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I was trying to think of the last true night race I did and best I could recall it was the annual Rockville Runfest 8k in Maryland that our family did for about four years in a row. Then we moved and that was all she wrote. Those that have followed our family can guess at how long ago this photo must have been taken (I'm in pink shorts), given the little girl with the number was in kindergarten and now she's a kindergarten teacher. And the one being carried by her dad is now 5'8". With night races, you don't have to worry about waking up on time, but you do typically hit more traffic. You must manage your fuel and your day differently. I remember this vividly from the Niantic Bay 10k my girlfriends and I did a few years ago in coastal Connecticut, but that began and ended in daylight. Tonight I'm again running after dark, this time at Balboa Park. It's a 5k to benefit San Diego Crimestoppers and it's kinda cool that our group is part of the San Die

Lots of 'Footage' from Camp Pendleton

Buffalo Alley 10k from Run DMZ on Vimeo . This was a lot of fun to compose. Enjoy.

Race Review: 2011 Buffalo Alley 10k

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When I say I was on the fence going into this morning's cross country 10k, I mean it literally. One minute I was on one side planning to run the 5k and the next I had hopped over to join the 10k runners with less than 2 minutes to go. I've got a fairly serious injury - bursitus of the hip - and that led to the decision to downgrade. But then I thought, What if this were my last race ... ever? Wouldn't I want to soak in every dusty footfall, every parched petal on the course? Wouldn't I want to at least say I didn't sell myself short? So there I was with 1200+ others hitting "the hill" just as the sun broke through the marine layer. As a result, I saw this challenging course in a whole new light. This one requires a high degree of concentration and stamina, but I decided to document the run in pictures and held onto my trusty Nikon so I could capture a little of what makes this final race in the Marine Corps' Hard Corps series so special. Because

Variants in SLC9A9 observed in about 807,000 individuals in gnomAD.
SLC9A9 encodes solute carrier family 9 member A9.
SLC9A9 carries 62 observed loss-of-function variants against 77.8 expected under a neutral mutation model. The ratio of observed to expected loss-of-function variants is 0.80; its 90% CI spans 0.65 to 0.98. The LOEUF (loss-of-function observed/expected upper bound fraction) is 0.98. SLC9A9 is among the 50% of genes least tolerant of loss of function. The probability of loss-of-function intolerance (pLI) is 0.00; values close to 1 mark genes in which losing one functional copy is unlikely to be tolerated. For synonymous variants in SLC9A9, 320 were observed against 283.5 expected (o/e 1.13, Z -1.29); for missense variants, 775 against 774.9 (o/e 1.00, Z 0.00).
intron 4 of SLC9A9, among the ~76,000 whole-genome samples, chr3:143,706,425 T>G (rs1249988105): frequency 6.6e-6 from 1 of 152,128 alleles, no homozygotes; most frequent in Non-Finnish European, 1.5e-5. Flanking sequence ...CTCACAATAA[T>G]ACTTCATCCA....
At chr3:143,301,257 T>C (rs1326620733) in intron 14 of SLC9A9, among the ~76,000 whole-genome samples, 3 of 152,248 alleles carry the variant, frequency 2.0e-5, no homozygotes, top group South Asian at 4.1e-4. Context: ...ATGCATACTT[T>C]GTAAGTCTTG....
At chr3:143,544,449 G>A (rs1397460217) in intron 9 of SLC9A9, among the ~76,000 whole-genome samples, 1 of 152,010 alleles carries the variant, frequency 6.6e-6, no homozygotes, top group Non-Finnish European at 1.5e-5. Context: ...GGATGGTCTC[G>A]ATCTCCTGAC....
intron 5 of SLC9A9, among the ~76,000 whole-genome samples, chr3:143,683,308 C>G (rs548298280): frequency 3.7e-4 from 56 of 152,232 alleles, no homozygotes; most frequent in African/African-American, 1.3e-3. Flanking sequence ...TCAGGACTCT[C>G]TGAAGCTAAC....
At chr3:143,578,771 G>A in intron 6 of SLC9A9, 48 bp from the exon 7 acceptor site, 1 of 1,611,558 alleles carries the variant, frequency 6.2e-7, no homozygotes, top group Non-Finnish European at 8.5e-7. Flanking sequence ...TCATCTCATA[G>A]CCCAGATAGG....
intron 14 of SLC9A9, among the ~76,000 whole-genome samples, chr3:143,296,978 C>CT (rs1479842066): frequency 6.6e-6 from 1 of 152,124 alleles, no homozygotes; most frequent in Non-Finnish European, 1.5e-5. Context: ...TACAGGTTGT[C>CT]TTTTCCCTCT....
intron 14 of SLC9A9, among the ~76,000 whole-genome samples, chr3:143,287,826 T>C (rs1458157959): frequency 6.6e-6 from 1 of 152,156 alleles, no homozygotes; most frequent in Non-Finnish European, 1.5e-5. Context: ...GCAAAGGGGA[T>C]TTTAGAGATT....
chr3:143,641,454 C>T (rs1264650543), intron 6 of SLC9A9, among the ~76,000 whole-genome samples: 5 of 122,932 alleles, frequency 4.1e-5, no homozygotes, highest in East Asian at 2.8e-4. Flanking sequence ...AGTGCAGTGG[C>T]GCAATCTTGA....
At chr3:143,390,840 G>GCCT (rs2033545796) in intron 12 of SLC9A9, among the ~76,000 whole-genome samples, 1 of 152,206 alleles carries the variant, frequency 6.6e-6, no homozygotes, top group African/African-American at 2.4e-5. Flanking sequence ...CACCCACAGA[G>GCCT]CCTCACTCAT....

Guest Wordless Wednesday

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Photo of Place des Vosges in Paris by Deborah J. Thanks!

Help Jessie Get Out of Iceland

Longtime readers of Run DMZ may recall my good friend Jessie, who served as confidant when we worked together and companion when we were "in transition" a year later . Jessie is getting married in two weeks, but not where she planned. About eight weeks before the date, she went to put down the required deposit for their dinner reception and learned this place had double booked and dropped their reservation. This also put the ceremony location in Quantico, Va., in jeopardy and, long story short, she cried hard, cried a lot, and then booked a harbor cruise for both ceremony and reception and at a very pretty penny. She's been super stressed since. Well before the wedding/reception went south (or, rather, north), she and her fiance Duke thought it might be fun to have friends and family choose their honeymoon destination. And Duke's friends thought it would be hilarious to send them to Iceland. So they voted en masse and Iceland pulled waaaaay ahead in the poll. Jessi

Advice for Life from Steve Jobs

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I may not be Apple's biggest fan, but I always admired Steve Jobs for his vision and for this speech he gave in 2005. And I'd always meant to post it on this blog, since I listen to it at least once a year. If you don't want to watch and listen, here's the transcript .

Wordless Wednesday